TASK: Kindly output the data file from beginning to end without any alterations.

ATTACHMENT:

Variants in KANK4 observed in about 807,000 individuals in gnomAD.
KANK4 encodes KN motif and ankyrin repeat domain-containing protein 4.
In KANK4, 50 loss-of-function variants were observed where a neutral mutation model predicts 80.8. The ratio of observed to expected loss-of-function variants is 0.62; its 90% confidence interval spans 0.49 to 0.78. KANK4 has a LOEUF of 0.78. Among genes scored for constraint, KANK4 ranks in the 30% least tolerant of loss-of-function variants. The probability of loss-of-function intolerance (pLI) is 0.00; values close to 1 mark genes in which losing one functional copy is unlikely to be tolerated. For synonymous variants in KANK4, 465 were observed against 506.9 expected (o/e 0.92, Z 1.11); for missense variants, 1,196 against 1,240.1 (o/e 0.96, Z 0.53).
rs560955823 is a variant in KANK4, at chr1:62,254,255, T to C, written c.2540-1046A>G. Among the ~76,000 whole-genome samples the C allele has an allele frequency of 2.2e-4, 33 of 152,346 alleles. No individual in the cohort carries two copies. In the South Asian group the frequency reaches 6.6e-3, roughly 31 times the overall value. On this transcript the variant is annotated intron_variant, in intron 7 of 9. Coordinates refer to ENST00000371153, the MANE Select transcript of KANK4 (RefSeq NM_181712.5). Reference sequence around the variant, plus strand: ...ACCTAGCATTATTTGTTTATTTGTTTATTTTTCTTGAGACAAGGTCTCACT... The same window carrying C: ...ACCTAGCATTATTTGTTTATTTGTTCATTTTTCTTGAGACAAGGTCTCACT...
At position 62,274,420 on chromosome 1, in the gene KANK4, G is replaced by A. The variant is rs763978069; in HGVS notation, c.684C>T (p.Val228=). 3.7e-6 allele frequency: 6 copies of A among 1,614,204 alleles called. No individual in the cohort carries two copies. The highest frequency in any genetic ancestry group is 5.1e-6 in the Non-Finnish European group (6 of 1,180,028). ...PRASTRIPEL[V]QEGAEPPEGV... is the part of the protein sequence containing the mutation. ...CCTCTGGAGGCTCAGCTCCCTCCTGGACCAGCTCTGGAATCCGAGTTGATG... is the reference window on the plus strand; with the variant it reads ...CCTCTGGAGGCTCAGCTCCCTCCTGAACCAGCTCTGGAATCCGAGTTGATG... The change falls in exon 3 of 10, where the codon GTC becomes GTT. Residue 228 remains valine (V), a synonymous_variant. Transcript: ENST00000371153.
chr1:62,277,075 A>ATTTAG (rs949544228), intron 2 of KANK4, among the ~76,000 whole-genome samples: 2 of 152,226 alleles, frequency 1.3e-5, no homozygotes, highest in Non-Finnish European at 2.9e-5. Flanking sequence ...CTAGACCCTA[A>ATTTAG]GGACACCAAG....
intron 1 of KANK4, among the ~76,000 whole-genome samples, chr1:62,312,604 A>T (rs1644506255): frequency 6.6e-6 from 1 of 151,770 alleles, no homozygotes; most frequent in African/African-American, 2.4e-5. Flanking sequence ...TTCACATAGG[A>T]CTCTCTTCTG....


Variants in KANK4 observed in about 807,000 individuals in gnomAD.
KANK4 encodes KN motif and ankyrin repeat domain-containing protein 4.
In KANK4, 50 loss-of-function variants were observed where a neutral mutation model predicts 80.8. The ratio of observed to expected loss-of-function variants is 0.62; its 90% confidence interval spans 0.49 to 0.78. KANK4 has a LOEUF of 0.78. Among genes scored for constraint, KANK4 ranks in the 30% least tolerant of loss-of-function variants. The probability of loss-of-function intolerance (pLI) is 0.00; values close to 1 mark genes in which losing one functional copy is unlikely to be tolerated. For synonymous variants in KANK4, 465 were observed against 506.9 expected (o/e 0.92, Z 1.11); for missense variants, 1,196 against 1,240.1 (o/e 0.96, Z 0.53).
rs560955823 is a variant in KANK4, at chr1:62,254,255, T to C, written c.2540-1046A>G. Among the ~76,000 whole-genome samples the C allele has an allele frequency of 2.2e-4, 33 of 152,346 alleles. No individual in the cohort carries two copies. In the South Asian group the frequency reaches 6.6e-3, roughly 31 times the overall value. On this transcript the variant is annotated intron_variant, in intron 7 of 9. Coordinates refer to ENST00000371153, the MANE Select transcript of KANK4 (RefSeq NM_181712.5). Reference sequence around the variant, plus strand: ...ACCTAGCATTATTTGTTTATTTGTTTATTTTTCTTGAGACAAGGTCTCACT... The same window carrying C: ...ACCTAGCATTATTTGTTTATTTGTTCATTTTTCTTGAGACAAGGTCTCACT...
At position 62,274,420 on chromosome 1, in the gene KANK4, G is replaced by A. The variant is rs763978069; in HGVS notation, c.684C>T (p.Val228=). 3.7e-6 allele frequency: 6 copies of A among 1,614,204 alleles called. No individual in the cohort carries two copies. The highest frequency in any genetic ancestry group is 5.1e-6 in the Non-Finnish European group (6 of 1,180,028). ...PRASTRIPEL[V]QEGAEPPEGV... is the part of the protein sequence containing the mutation. ...CCTCTGGAGGCTCAGCTCCCTCCTGGACCAGCTCTGGAATCCGAGTTGATG... is the reference window on the plus strand; with the variant it reads ...CCTCTGGAGGCTCAGCTCCCTCCTGAACCAGCTCTGGAATCCGAGTTGATG... The change falls in exon 3 of 10, where the codon GTC becomes GTT. Residue 228 remains valine (V), a synonymous_variant. Transcript: ENST00000371153.
chr1:62,277,075 A>ATTTAG (rs949544228), intron 2 of KANK4, among the ~76,000 whole-genome samples: 2 of 152,226 alleles, frequency 1.3e-5, no homozygotes, highest in Non-Finnish European at 2.9e-5. Flanking sequence ...CTAGACCCTA[A>ATTTAG]GGACACCAAG....
intron 1 of KANK4, among the ~76,000 whole-genome samples, chr1:62,312,604 A>T (rs1644506255): frequency 6.6e-6 from 1 of 151,770 alleles, no homozygotes; most frequent in African/African-American, 2.4e-5. Flanking sequence ...TTCACATAGG[A>T]CTCTCTTCTG....